Nov 01, 2010

Title Insurance #442


By Jennifer Clee

Occasionally, claims are reported to the Real Estate Errors and Omissions Insurance Corporation (REEOIC) involving complaints by buyers against licensees which might not have been made if those buyers had bought title insurance.

Title insurance is an insurance policy provided by title insurance companies that protects residential or commercial property owners and/or their lenders against losses related to a property's title or ownership.

While each title insurer may offer slightly different coverage, some of the coverage provided by title insurance companies includes: coverage for unknown title defects; survey errors and errors in public records; losses related to improvements made without the requisite building permits (unless made by you); existing liens against the property's title for unpaid debts by the previous owner (utilities, taxes, mortgages or condominium charges registered against the property); real estate fraud and forgery; invalidity of mortgages; and encroachment and unregistered easement issues.

Title insurance will generally not cover known title defects1, environmental hazards, native land claims, matters created, allowed or agreed to by the insured, or matters known to the insured but not disclosed to the title insurer prior to closing (e.g. matters identified in a building inspection).

Title insurance is usually purchased by a buyer at the time of purchase, although it may be purchased anytime after. The insurance cost, generally a one time fee or premium, is usually determined by the property's value and depends upon the chosen provider.

The advantage to licensees of buyers purchasing title insurance is that it shifts liability from the licensee to the title insurer. Consider this scenario: an elderly seller owns a piece of property in a rural area for many years. After obtaining a variance from the governing authority, the seller constructs outbuildings which encroach upon the adjacent property. No record is kept of the variance by the approving authority.

Years later, when selling the property, the seller completes the Property Disclosure Statement indicating that he is unaware of any unregistered encroachments.2 The buyer discovers the encroachment after purchasing the property and incurs a loss in rectifying the issue. A buyer with title insurance would likely be indemnified by the title insurer for any proven loss associated with the violation. A buyer without title insurance would likely sue the seller and licensees involved in the sale to recover losses associated with the undisclosed encroachment.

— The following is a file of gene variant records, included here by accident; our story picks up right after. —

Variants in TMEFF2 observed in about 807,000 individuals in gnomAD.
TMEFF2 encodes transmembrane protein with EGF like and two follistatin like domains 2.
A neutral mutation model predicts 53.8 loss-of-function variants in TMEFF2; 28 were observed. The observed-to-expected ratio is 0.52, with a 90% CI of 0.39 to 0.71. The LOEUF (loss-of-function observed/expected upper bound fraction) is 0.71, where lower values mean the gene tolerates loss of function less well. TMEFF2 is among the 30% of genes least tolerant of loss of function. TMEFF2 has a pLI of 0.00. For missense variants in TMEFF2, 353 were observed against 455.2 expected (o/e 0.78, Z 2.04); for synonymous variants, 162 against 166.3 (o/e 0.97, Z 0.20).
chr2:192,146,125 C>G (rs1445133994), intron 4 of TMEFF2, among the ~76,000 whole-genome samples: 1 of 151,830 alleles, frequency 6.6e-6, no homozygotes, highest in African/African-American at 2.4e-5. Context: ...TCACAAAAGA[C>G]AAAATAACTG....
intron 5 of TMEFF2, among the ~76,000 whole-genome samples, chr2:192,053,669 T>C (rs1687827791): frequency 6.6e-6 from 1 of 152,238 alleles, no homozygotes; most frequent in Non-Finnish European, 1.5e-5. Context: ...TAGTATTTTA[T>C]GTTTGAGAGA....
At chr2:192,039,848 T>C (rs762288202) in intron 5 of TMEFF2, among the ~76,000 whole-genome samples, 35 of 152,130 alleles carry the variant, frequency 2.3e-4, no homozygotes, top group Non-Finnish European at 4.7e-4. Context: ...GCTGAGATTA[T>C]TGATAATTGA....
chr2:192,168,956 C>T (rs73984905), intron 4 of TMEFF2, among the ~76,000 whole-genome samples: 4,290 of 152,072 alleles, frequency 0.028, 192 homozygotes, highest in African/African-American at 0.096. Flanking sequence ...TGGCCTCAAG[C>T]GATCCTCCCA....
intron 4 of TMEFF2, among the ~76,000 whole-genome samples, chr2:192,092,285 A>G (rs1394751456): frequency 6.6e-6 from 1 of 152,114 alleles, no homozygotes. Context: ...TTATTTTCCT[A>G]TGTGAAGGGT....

Here are examples of recent claims paid out to BC homeowners by a major title insurer3:

  • Buyer received notice from the City that the basement apartment was built without obtaining required development or building permits. A permit was required to remove or to legalize the apartment. Cost of claim: $239,958.
  • Buyer had municipality conduct a site inspection of the property after experiencing plumbing problems. The inspector found numerous problems with the dwelling, as well as illegal gas and plumbing lines, and an unpermitted addition to the garage. The municipality issued an Order to Comply. Cost of claim: $270,797.4

To date, there is no standard industry practice to alert buyers to title insurance availability.

Given the protection that may be afforded to buyers (and indirectly to licensees) who purchase title insurance, licensees may well wish to advise buyers of its availability. This suggestion has already been made to real estate practitioners.5 For more information on title insurance see Legally Speaking issues 321, 322 and 323.

 1. Title insurers often provide limited coverage to owners over many known defects which are disclosed prior to completion.
 2. For example, associated costs of removing an encroachment as a result of neighbours' insistence.
 3. Claims were covered by FCT Insurance Company Ltd.
 4. Coverage for these claim examples were attributed to either lack of permits or work orders. It is important to note that a title insurer does not insure for building code or structural issues unless they are tied to a covered title risk.
 5. Real Estate Update 2010, Continuing Legal Education Society of British Columbia, Title Insurance, Timothy J. Jack.

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